Futureepisodes


Experience climate change first hand

 

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Futureepisodes


Experience climate change first hand

 

Planned episodes of Biophere VR

 

 

 

Climing Kilimanjaro

Can you climb the Kilimanjaro before the ice caps disapear?

Forrest fires

You are standing at the edge of a raging forest fire and watching how quickly the flames spread between the desiccated trees. Scientists working with the Global Forest Watch have collected 400,000 satellite images of Earth’s surface, and their conclusion is that the world has lost 18 million hectares of forest in 2013, with Russia losing the most trees. Currently, the frequency of fire is higher than it has been in the last 10,000 years. Will you be able to do something about it?

Melting ice

You are standing close to the edge as collapsing sheets of Arctic ice, and you hear the howling fury as they fall into the sea. The melting of Arctic ice has caused a geopolitical race between Russia, Norway, the United States, Canada and Denmark to take advantage of the raw materials that will become available when the ice disappears. When the Northwest Passage becomes a viable transportation option, even more income may potentially be at stake. Who gets what, when?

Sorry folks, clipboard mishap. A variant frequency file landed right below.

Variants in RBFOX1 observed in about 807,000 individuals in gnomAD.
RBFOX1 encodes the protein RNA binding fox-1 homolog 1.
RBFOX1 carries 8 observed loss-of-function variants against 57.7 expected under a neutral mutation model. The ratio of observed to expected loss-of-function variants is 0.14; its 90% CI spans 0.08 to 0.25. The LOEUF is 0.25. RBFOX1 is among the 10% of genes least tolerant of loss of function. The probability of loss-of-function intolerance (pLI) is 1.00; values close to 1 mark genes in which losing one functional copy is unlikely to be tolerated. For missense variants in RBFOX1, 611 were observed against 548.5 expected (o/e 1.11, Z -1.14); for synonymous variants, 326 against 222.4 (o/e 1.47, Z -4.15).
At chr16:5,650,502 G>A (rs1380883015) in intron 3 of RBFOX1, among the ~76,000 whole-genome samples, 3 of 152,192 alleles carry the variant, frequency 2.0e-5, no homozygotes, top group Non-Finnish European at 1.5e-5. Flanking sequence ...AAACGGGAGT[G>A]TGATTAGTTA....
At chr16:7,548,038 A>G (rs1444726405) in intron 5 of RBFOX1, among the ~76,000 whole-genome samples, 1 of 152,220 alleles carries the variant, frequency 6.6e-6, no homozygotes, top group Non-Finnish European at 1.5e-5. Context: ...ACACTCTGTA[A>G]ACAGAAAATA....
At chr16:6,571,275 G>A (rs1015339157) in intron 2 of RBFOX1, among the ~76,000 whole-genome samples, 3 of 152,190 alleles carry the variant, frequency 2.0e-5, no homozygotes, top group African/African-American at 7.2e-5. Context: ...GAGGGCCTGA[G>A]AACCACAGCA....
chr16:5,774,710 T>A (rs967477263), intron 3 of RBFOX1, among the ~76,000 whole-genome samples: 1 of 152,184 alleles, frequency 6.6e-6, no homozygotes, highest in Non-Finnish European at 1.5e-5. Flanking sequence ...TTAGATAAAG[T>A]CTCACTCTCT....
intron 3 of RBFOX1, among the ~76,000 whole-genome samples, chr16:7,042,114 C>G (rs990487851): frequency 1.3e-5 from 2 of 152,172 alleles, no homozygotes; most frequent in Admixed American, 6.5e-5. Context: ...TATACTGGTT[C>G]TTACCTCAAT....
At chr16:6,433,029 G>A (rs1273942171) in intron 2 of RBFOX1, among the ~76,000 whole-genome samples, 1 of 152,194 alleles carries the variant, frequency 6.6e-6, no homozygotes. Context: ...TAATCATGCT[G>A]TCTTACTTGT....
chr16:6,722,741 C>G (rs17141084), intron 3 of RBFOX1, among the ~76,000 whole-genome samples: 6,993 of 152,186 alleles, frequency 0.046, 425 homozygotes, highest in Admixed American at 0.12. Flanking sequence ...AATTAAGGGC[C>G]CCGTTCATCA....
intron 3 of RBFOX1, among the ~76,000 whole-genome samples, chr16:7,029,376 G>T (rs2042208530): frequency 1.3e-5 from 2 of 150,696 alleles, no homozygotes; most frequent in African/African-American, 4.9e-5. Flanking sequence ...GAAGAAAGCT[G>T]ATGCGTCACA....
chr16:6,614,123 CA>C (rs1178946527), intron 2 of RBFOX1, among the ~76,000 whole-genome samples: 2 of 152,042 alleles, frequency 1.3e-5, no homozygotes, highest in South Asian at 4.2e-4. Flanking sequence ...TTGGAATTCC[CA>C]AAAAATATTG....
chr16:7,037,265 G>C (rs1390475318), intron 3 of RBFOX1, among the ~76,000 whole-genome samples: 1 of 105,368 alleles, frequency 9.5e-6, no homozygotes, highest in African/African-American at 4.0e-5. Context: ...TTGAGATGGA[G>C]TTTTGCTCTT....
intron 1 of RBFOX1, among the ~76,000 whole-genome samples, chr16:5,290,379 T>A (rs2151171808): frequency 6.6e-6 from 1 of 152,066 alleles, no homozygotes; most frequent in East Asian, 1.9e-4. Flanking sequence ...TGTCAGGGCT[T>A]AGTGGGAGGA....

White corals

Not all the CO2 that we release contributes to global warming. The oceans absorb more than a third of CO2 that has been released since the industrial revolution. Dive below the surface of the sea and experience the consequences. The great coral reefs, home to untold volumes of life, play an integral role in the health of our planet but are losing their colour. Scuba dive amongst bleached and dying reefs and think about what can be done to minimize the effects of climate change. 

Dalai Lamas Platau

You will experience VR sequences from the Tibetan plateau. Seventy percent of the plateau is covered year round by a thick layer of ice, also known as permafrost, in which huge stocks of methane and CO2 have accumulated. Scientists say that the glacier is melting and that the methane being released is 30 times as powerful as CO2 when it comes to triggering the greenhouse effect. 

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